|Owned by||Royal Unibrew|
The original brewery was founded in 1860 in Vilna, then in the Russian Empire. The firm was located in the borough of Lukiškės, right outside the city's limits. The original founders were two local Jewish entrepreneurs: Abel Sołowiejczyk and Iser Berg Wolf. However, around 1866 the brewery adopted the name of one of the founders' associates, Wilhelm Szopen, possibly because of the latter's surname being similar to the name of a highly popular Polish-French composer Fryderyk Chopin (sometimes written as Fryderyk Szopen in Polish). With time, Wilhelm Szopen indeed became the owner of the brewery, though its founders continued to run the daily business matters.
Being merely one of many breweries in that part of Russian Empire, it competed with the breweries of the Lipski brothers, as well as Parczewski's brewery in Raudondvaris (then called Czerwony Dwór). However, with time it expanded significantly. By the early 1890s the firm had more than 50 workers and produced up to 300,000 buckets of beer - a common unit of measurement in brewing and vodka-making industry in 19th century Russia and corresponding to roughly 12.3 litres. In 1897 the brewery was taken over by Morduch Owsiej Epstein, a wealthy businessman. He combined the brewery with another local brewery he owned located in the Vilnian suburb of Popławy (modern Paupys, now a part of the city) and turned the company into a joint-stock company named Towarzystwo Akcyjne Browaru Szopen - Joint-stock Company of the Szopen Brewery.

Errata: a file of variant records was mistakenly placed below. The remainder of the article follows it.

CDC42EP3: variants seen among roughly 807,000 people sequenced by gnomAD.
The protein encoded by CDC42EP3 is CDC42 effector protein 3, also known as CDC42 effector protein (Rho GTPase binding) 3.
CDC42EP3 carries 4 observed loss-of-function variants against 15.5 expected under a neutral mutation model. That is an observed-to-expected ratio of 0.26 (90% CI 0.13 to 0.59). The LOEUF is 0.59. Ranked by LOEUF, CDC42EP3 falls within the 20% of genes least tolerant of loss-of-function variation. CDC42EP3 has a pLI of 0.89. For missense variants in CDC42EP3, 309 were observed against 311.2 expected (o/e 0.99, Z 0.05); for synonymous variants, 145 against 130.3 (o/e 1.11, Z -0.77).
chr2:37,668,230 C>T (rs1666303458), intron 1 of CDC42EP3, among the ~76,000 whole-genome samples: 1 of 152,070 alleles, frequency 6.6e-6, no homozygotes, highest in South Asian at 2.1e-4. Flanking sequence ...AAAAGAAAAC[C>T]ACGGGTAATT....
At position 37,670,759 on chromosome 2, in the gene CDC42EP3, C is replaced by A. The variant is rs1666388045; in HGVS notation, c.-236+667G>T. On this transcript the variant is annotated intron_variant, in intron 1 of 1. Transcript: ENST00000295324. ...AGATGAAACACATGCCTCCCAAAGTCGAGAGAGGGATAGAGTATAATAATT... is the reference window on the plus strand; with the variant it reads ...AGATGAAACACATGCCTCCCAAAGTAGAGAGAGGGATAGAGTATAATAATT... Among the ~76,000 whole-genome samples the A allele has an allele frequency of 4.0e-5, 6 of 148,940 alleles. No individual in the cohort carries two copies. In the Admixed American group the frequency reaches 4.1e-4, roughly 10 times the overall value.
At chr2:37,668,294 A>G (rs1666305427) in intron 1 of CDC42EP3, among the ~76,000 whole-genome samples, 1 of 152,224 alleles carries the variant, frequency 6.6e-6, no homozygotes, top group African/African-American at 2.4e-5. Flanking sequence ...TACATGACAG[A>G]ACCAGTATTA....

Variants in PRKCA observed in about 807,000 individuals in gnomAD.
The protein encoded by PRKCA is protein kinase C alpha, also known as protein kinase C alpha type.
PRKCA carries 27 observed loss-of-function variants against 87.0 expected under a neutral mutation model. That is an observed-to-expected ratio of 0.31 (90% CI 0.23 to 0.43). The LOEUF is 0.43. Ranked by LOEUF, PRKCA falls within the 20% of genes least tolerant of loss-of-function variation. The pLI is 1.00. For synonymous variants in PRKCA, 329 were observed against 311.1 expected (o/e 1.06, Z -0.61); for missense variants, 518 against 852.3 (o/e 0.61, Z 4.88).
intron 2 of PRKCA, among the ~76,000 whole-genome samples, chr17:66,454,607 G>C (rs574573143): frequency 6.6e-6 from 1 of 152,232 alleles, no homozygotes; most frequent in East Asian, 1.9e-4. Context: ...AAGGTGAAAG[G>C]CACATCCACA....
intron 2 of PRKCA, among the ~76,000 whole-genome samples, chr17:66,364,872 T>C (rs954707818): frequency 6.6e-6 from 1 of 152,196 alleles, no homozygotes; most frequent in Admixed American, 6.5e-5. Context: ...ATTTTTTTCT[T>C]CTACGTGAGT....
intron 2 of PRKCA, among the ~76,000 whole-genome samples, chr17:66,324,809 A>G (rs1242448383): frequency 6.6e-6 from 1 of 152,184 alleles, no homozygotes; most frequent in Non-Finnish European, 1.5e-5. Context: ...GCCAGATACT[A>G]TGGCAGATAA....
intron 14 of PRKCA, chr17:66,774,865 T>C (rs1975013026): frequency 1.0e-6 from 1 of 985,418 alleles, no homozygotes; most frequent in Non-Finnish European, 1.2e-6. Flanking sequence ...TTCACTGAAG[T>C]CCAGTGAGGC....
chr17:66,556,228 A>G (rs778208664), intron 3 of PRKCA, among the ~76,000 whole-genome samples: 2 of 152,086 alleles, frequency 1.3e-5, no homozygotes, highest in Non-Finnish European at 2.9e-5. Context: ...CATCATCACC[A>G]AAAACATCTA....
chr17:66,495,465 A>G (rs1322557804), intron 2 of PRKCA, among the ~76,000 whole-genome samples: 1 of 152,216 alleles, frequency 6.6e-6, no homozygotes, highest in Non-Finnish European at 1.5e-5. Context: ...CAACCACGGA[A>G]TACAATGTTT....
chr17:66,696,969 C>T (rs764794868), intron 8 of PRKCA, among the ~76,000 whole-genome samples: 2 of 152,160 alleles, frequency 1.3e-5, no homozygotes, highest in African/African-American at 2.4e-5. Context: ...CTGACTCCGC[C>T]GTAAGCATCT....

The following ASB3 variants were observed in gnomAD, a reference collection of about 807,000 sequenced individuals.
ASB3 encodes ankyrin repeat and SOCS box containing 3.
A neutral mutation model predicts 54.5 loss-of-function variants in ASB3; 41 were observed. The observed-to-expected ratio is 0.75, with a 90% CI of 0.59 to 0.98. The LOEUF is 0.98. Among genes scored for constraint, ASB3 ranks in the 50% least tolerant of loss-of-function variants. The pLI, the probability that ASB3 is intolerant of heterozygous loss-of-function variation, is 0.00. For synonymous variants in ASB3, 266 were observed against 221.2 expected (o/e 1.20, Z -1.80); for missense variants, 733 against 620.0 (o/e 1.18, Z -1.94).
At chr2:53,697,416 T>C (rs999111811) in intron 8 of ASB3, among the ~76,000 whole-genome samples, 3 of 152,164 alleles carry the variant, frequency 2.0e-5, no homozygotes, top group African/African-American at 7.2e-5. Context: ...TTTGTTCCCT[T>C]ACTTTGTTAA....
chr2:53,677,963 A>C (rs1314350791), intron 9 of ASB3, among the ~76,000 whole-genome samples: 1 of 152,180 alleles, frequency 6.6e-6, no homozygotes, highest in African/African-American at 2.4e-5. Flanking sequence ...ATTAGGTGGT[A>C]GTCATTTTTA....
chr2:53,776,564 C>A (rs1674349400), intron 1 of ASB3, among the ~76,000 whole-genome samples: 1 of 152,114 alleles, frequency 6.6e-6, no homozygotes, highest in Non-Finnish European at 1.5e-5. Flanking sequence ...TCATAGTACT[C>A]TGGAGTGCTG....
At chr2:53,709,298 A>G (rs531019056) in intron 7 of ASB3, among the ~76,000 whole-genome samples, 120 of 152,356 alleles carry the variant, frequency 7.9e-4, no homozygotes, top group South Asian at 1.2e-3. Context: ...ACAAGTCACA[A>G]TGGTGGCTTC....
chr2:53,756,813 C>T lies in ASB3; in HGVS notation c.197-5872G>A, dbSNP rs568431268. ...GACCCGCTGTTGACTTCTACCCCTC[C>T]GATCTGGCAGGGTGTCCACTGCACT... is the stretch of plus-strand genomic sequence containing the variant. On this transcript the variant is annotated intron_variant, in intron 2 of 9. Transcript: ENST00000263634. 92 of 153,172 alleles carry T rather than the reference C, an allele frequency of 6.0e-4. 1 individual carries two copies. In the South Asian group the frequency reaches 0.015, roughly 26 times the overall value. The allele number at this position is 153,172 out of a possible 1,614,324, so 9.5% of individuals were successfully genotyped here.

The new company had 0.5 million rubles at its disposal and hired up to 250 workers. Epstein significantly modernized the brewery and by 1909 it had four electrical motors and a diesel engine running the brewing process - a novelty in early-20th-century Europe. Such investments allowed for the brewery to almost monopolize the local market: the yearly production prior to World War I reached 800 thousand buckets, that is almost 10,000 hectolitres. Roughly half of beer sold in the local market was branded with Szopen's logo.
After the war the company was experiencing difficulties. However, it continued to grow and send its beers to other towns within Poland. The capital stock rose to 810,000 złoty and new agencies were opened in Warsaw, Lida, Lwów and other towns. Although the Great Depression of late 1920s stroke the business, the yearly production rate continued to increase and reached 30,000 hectolitres in the early 1930s. The crisis also weakened the competitors, with Parczewski's brewery going bankrupt in 1930. This put the brewery, along with Warsaw's Haberbusch i Schiele and the Żywiec Brewery, among the 15 largest breweries in Poland.
Following the German and Soviet invasion of Poland of 1939, the town of Vilnius was passed to Lithuania. The company name was Lithuanised to Šopen in 1940. However, later the same year Lithuania was occupied by the Soviet Union and the brewery, like all other privately owned companies, was nationalized. Merged with several smaller producers of beer and soft drinks, the company was renamed to its current name, Tauras Brewery, shortly after the end of World War II, in 1945.
In 2001 Tauras Brewery was merged with Kalnapilis into AB “Kalnapilio – Tauro grupė”, owned by Danish Royal Unibrew. In 2006, it was decided to stop production in Vilnius and move it from Tauras brewery to Kalnapilis Brewery in Panevėžys.